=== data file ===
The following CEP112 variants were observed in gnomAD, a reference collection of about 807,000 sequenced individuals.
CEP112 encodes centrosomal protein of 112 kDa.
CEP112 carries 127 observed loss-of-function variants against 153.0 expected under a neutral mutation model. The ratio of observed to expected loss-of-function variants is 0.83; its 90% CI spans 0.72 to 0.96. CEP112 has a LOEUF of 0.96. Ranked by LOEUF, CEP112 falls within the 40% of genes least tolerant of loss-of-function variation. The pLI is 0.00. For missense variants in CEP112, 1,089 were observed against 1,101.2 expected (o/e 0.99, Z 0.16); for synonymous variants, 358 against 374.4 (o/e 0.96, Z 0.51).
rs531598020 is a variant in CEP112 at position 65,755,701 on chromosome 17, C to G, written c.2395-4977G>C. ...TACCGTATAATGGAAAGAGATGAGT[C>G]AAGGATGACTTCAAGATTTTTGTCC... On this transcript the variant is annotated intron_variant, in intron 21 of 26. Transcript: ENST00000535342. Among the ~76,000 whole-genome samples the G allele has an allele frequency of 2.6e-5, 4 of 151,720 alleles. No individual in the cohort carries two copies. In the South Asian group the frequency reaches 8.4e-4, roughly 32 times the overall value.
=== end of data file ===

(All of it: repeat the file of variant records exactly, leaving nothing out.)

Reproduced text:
The following CEP112 variants were observed in gnomAD, a reference collection of about 807,000 sequenced individuals.
CEP112 encodes centrosomal protein of 112 kDa.
CEP112 carries 127 observed loss-of-function variants against 153.0 expected under a neutral mutation model. The ratio of observed to expected loss-of-function variants is 0.83; its 90% CI spans 0.72 to 0.96. CEP112 has a LOEUF of 0.96. Ranked by LOEUF, CEP112 falls within the 40% of genes least tolerant of loss-of-function variation. The pLI is 0.00. For missense variants in CEP112, 1,089 were observed against 1,101.2 expected (o/e 0.99, Z 0.16); for synonymous variants, 358 against 374.4 (o/e 0.96, Z 0.51).
rs531598020 is a variant in CEP112 at position 65,755,701 on chromosome 17, C to G, written c.2395-4977G>C. ...TACCGTATAATGGAAAGAGATGAGT[C>G]AAGGATGACTTCAAGATTTTTGTCC... On this transcript the variant is annotated intron_variant, in intron 21 of 26. Transcript: ENST00000535342. Among the ~76,000 whole-genome samples the G allele has an allele frequency of 2.6e-5, 4 of 151,720 alleles. No individual in the cohort carries two copies. In the South Asian group the frequency reaches 8.4e-4, roughly 32 times the overall value.